(This article belongs to the Special Issue Vitamin D: A Global Perspective for Health)
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Article
Impact of Genetic Risk Score and Dietary Protein Intake on Vitamin D Status in Young Adults from Brazil
Nutrients 2022, 14(5), 1015; https://doi.org/10.3390/nu14051015 - 28 Feb 2022
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Abstract
Given the relationship between vitamin D deficiency (VDD) and adverse outcomes of metabolic diseases, we investigated the interplay of dietary and genetic components on vitamin D levels and metabolic traits in young adults from Brazil. Genetic analysis, dietary intake, and anthropometric and biochemical [...] Read more.
Given the relationship between vitamin D deficiency (VDD) and adverse outcomes of metabolic diseases, we investigated the interplay of dietary and genetic components on vitamin D levels and metabolic traits in young adults from Brazil. Genetic analysis, dietary intake, and anthropometric and biochemical measurements were performed in 187 healthy young adults (19–24 years). Genetic risk scores (GRS) from six genetic variants associated with vitamin D (vitamin D-GRS) and 10 genetic variants associated with metabolic disease (metabolic-GRS) were constructed. High vitamin D-GRS showed a significant association with low 25(OH)D concentrations (p = 0.001) and high metabolic-GRS showed a significant association with high fasting insulin concentrations (p = 0.045). A significant interaction was found between vitamin D-GRS and total protein intake (g/day) (adjusted for non-animal protein) on 25(OH)D (pinteraction = 0.006), where individuals consuming a high protein diet (≥73 g/d) and carrying >4 risk alleles for VDD had significantly lower 25(OH)D (p = 0.002) compared to individuals carrying ≤4 risk alleles. Even though our study did not support a link between metabolic-GRS and vitamin D status, our study has demonstrated a novel interaction, where participants with high vitamin D-GRS and consuming ≥73 g of protein/day had significantly lower 25(OH)D levels. Further research is necessary to evaluate the role of animal protein consumption on VDD in Brazilians. Full article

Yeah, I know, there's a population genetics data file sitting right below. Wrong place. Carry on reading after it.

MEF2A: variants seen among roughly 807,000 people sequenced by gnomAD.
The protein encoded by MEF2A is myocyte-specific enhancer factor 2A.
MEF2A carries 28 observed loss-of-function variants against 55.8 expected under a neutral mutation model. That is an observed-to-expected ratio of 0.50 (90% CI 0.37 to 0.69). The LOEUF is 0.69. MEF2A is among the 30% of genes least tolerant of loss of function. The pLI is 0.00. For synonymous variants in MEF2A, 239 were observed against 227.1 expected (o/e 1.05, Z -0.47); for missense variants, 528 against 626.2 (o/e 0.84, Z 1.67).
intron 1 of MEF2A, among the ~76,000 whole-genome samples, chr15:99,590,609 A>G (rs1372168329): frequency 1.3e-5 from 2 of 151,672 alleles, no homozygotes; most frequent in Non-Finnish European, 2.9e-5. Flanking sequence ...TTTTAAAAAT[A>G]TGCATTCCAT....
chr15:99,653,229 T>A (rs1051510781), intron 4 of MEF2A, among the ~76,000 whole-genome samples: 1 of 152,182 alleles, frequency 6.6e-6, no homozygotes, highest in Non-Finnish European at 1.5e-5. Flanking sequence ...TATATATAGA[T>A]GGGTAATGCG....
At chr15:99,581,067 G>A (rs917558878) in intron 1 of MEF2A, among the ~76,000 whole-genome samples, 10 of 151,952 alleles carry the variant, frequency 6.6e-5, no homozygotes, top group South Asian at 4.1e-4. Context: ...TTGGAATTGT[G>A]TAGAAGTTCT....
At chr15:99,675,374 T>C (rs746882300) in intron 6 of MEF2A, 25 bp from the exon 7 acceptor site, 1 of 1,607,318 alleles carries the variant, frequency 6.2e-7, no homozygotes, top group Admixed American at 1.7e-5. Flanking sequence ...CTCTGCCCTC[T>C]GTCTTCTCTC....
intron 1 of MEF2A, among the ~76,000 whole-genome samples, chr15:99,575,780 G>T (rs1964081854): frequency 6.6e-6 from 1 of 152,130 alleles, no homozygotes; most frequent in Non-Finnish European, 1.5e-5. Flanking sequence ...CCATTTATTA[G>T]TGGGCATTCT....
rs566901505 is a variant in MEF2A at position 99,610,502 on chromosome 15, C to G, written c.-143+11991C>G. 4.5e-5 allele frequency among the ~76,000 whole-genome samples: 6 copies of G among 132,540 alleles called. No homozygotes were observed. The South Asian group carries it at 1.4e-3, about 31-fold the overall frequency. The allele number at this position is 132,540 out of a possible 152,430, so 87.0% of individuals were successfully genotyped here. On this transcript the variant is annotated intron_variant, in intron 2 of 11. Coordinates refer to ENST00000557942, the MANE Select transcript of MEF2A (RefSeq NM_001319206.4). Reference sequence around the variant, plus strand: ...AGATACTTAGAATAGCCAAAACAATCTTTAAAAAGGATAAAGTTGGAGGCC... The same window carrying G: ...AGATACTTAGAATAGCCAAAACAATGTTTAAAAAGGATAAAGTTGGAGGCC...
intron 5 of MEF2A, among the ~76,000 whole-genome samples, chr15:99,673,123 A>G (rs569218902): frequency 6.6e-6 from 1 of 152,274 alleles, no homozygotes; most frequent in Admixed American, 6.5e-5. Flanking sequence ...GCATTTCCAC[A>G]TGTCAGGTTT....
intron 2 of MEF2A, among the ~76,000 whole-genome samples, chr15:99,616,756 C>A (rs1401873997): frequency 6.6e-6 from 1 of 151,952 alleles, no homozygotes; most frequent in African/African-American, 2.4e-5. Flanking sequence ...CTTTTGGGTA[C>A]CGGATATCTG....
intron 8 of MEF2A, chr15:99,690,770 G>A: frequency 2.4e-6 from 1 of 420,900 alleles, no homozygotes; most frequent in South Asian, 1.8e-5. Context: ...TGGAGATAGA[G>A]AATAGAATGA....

(This article belongs to the Special Issue Vitamin D: A Global Perspective for Health)
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Article
Changes of 25(OH)D Concentration, Bone Resorption Markers and Physical Performance as an Effect of Sun Exposure, Supplementation of Vitamin D and Lockdown among Young Soccer Players during a One-Year Training Season
Nutrients 2022, 14(3), 521; https://doi.org/10.3390/nu14030521 - 25 Jan 2022
Cited by 1 | Viewed by 989
Abstract
The main purpose of this research was to demonstrate the changes in 25(OH)D concentration, bone resorption markers, and physical fitness along the one-year training season in young soccer players. A total of 24 young soccer players (age: 17.2 ± 1.16 years, mass: 70.2 [...] Read more.
The main purpose of this research was to demonstrate the changes in 25(OH)D concentration, bone resorption markers, and physical fitness along the one-year training season in young soccer players. A total of 24 young soccer players (age: 17.2 ± 1.16 years, mass: 70.2 ± 5.84, height: 179.1 ± 4.26 cm) were tested at four different time points across one year (T1—September 2019; T2—December 2019; T3—May 2020; T4—August 2020). After T2 (during COVID-19 lockdown), players were divided into a supplemented (GS) group and a placebo group (GP). Variables such as 25(OH)D, calcium (Ca), phosphorus (P), parathyroid hormone (PTH), aerobic capacity, speed, and explosive power were measured. Analyses performed for all participants indicated significant changes in all selected blood markers and running speed. The highest values in 25(OH)D were noted during summertime in T1 and T4. After individuals were split into two groups, a two-factorial ANOVA demonstrated a significant time interaction for 25(OH)D, Ca, P, PTH, 30 m sprint, and counter-movement jump. Significant time x group effect was calculated for aerobic capacity. This study confirmed that 25(OH)D concentration varies between four seasons, with the greatest decreases in the low sunlight periods. Vitamin D supplementation did not cause a preventive and long-lasting effect of increasing the 25(OH)D concentration in the young soccer players. Full article